Friday, October 5, 2007

1991: first website

Sir Timothy John Berners-Lee is one of the inventers of the World Wide Web, and created the first Website.

Tim Berners-Lee was born in London in 1955, the son of mathematicians who helped build the Manchester Mark I, one of the earliest computers. They taught Berners-Lee to use mathematics everywhere, even at the dinner table.

He is an alumnus Oxford where he played tiddlywinks against rival Cambridge. While at Oxford, Berners-Lee built a computer using an old television. During his time at Oxford, he was caught hacking and was banned from using the university computer. He graduated in 1976 with a degree in physics.

In 1980, while at CERN (the world's largest particle physics laboratory based in Switzerland) Berners-Lee proposed a project based on the concept of hypertext, to facilitate sharing and updating information among researchers. He built a prototype system named ENQUIRE.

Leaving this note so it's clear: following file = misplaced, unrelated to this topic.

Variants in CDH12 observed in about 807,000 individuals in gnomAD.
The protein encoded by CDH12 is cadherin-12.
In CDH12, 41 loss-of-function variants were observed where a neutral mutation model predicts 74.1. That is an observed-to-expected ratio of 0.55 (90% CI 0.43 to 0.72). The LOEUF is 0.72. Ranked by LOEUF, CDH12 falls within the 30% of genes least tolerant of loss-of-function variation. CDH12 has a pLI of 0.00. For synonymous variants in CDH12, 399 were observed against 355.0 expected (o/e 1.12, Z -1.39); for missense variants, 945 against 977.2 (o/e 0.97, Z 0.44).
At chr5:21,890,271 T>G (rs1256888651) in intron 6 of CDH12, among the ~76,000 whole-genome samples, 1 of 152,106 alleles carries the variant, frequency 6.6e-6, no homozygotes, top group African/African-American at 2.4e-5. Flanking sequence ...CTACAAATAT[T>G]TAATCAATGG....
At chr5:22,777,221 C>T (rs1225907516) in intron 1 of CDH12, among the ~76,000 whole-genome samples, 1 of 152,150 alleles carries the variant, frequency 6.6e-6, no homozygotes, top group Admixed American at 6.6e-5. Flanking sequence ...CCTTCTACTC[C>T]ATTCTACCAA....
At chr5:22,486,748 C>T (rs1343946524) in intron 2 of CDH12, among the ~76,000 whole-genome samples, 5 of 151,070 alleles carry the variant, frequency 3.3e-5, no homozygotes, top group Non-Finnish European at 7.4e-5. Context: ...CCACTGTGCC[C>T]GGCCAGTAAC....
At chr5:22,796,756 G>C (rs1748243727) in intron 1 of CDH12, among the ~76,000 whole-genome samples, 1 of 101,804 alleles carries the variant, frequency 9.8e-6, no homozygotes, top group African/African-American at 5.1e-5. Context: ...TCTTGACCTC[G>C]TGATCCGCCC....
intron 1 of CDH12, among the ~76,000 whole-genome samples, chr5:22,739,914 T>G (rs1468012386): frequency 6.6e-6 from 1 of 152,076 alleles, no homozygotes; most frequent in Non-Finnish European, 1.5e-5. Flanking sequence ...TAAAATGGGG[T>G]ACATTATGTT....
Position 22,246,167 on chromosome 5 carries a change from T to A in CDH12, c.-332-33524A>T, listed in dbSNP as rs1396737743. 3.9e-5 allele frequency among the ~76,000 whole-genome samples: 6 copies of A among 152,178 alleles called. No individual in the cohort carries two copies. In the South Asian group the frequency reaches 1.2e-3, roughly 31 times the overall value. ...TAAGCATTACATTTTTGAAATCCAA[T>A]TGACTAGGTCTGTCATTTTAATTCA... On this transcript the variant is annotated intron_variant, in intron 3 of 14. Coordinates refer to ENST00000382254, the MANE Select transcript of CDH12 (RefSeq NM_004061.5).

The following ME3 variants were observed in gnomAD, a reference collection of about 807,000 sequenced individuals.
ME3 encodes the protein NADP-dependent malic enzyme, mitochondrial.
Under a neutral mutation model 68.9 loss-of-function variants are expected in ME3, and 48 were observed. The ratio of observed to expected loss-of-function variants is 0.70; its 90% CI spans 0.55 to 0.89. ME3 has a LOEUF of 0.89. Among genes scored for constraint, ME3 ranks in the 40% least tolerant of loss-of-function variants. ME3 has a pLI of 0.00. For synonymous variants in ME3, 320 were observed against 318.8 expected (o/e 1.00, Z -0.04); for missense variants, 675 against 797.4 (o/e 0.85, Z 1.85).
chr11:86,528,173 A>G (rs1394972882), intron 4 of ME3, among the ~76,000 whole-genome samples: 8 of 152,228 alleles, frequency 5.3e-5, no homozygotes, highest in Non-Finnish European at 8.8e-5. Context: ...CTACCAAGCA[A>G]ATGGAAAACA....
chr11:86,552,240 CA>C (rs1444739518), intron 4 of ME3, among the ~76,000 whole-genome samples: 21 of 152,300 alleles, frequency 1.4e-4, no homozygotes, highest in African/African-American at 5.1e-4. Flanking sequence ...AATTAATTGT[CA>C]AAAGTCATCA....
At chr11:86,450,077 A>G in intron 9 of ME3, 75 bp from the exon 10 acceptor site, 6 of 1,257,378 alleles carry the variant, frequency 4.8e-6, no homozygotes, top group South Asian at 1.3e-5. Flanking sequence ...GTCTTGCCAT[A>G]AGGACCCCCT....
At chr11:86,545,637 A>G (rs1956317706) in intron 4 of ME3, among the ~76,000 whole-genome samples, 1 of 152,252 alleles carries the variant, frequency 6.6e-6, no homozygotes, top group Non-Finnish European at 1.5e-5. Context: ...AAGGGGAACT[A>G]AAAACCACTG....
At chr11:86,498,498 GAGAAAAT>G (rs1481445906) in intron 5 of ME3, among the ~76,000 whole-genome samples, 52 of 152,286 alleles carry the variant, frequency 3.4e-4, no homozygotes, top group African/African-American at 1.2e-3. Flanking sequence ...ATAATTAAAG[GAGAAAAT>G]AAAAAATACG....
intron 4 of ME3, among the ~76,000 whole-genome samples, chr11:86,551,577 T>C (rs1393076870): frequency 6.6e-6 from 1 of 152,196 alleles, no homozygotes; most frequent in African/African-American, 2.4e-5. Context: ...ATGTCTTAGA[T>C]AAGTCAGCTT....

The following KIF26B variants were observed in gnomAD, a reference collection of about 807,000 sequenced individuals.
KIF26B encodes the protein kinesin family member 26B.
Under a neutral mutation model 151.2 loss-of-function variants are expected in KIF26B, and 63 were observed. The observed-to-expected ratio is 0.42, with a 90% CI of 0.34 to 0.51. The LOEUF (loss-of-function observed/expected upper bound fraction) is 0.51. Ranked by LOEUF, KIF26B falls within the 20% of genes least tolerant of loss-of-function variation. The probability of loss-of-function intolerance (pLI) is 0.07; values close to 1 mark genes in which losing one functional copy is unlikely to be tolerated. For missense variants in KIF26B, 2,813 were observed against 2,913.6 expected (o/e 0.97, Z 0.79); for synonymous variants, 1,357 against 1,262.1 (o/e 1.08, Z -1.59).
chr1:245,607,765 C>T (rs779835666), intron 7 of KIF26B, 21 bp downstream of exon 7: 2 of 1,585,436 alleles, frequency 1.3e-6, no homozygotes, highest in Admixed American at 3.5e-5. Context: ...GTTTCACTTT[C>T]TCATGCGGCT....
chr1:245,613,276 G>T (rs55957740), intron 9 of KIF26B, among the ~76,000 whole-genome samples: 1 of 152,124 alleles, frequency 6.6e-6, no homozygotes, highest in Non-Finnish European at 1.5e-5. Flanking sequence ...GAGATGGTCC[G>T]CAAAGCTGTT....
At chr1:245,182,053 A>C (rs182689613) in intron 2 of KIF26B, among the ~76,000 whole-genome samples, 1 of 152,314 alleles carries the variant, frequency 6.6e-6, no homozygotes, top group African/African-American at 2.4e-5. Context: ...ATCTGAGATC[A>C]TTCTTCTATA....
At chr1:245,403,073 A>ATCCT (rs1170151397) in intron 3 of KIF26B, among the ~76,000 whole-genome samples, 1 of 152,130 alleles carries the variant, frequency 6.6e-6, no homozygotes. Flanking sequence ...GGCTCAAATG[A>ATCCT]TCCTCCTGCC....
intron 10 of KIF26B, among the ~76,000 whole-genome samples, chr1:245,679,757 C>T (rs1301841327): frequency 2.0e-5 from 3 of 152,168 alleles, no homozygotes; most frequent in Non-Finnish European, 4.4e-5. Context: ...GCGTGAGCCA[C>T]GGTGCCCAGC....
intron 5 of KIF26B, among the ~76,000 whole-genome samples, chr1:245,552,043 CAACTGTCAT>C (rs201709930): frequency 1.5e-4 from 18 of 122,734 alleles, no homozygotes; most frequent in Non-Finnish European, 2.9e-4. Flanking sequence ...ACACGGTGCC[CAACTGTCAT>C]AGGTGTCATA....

In 1989, CERN was the largest Internet node in Europe, and Berners-Lee saw an opportunity to join hypertext with the Internet: "I just had to take the hypertext idea and connect it to the TCP and DNS ideas and — ta-da! — the World Wide Web."

He wrote his initial proposal in March of 1989, and in 1990, with the help of Robert Cailliau, produced a revision which was accepted by his manager, Mike Sendall. He used similar ideas to those underlying the Enquire system to create the World Wide Web, for which he designed and built the first web browser and editor (called WorldWideWeb and developed on NEXTSTEP) and the first Web server called httpd (short for HyperText Transfer Protocol daemon).

The first Website built was at CERN, put online on August 6, 1991. It provided an explanation about what the World Wide Web was, how one could own a browser and how to set up a Web server. It was also the world's first Web directory, since Berners-Lee maintained a list of other Websites apart from his own.

In 1994, Berners-Lee founded the World Wide Web Consortium (W3C) at MIT. It included several companies that were willing to create standards and recommendations to improve the quality of the Web. The World Wide Web Consortium decided that their standards must be based on royalty-free technology, so they can be easily adopted by anyone.

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